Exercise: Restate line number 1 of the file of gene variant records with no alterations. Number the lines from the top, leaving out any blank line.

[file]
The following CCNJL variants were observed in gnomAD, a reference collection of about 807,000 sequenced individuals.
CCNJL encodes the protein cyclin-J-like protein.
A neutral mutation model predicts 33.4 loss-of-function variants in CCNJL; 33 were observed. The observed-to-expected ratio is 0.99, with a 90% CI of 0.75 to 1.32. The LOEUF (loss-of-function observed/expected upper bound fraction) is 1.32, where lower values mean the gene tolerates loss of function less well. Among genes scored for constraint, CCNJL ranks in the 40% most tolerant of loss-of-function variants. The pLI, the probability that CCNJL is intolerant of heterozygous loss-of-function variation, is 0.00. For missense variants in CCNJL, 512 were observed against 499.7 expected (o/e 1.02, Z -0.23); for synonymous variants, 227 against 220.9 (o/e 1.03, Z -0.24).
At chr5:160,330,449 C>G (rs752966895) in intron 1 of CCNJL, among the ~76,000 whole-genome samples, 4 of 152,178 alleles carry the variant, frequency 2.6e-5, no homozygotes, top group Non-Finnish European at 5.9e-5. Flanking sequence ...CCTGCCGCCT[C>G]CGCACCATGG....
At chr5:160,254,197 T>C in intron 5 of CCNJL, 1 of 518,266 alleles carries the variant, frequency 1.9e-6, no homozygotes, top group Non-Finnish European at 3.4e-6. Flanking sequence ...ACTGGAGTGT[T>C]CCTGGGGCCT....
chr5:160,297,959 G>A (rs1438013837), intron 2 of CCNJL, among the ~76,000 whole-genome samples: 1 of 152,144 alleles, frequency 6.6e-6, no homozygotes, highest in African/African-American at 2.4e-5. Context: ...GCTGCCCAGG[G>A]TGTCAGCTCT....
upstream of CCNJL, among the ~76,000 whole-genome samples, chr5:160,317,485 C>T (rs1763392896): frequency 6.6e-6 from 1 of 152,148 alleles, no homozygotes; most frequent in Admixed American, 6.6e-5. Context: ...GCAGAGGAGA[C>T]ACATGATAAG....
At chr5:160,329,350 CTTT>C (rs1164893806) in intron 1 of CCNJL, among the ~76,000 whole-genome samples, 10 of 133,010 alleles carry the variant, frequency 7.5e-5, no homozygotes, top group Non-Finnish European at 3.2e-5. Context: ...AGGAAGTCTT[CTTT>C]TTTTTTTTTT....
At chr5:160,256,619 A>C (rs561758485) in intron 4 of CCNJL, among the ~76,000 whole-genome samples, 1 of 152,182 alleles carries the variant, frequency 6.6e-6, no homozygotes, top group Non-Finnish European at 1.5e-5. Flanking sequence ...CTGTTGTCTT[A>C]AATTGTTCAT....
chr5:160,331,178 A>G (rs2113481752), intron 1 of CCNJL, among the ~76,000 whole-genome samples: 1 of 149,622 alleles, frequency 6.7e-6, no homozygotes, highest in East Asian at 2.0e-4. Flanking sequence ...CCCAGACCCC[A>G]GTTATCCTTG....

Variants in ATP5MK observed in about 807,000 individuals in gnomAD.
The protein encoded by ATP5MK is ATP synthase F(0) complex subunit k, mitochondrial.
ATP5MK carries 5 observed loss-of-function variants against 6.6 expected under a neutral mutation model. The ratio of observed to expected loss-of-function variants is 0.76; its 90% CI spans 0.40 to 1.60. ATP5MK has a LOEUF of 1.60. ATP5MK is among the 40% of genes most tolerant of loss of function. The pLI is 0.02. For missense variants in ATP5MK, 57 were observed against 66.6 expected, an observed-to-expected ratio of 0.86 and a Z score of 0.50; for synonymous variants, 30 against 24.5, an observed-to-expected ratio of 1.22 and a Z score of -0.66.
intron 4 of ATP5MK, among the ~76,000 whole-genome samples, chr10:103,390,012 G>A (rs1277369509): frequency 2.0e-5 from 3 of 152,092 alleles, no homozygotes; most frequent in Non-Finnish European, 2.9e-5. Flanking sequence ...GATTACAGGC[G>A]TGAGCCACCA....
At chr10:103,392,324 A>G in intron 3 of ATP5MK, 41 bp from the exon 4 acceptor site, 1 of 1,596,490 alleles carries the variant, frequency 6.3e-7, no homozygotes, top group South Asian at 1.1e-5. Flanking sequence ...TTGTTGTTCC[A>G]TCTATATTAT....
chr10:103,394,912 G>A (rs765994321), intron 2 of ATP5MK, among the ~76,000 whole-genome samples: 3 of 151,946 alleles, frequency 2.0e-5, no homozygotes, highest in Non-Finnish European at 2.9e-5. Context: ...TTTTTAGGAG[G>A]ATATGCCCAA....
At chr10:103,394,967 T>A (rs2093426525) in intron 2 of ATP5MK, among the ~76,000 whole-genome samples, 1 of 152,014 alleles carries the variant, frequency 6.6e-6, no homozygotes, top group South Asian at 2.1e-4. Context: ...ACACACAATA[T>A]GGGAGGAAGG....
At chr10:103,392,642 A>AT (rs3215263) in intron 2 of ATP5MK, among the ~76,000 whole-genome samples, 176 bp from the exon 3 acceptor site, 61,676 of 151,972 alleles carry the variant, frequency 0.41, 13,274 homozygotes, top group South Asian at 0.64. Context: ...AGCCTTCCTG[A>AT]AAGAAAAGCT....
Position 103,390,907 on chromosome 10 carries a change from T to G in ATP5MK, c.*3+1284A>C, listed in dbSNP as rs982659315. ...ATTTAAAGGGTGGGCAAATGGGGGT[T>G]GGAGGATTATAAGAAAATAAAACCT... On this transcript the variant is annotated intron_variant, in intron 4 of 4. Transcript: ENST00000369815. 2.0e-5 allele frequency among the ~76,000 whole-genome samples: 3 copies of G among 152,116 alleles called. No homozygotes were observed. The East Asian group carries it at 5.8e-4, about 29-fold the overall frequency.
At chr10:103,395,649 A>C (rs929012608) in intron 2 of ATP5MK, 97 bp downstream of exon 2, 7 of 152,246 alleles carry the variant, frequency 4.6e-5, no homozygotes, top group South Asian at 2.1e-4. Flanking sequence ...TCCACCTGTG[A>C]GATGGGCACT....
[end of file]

The following CCNJL variants were observed in gnomAD, a reference collection of about 807,000 sequenced individuals.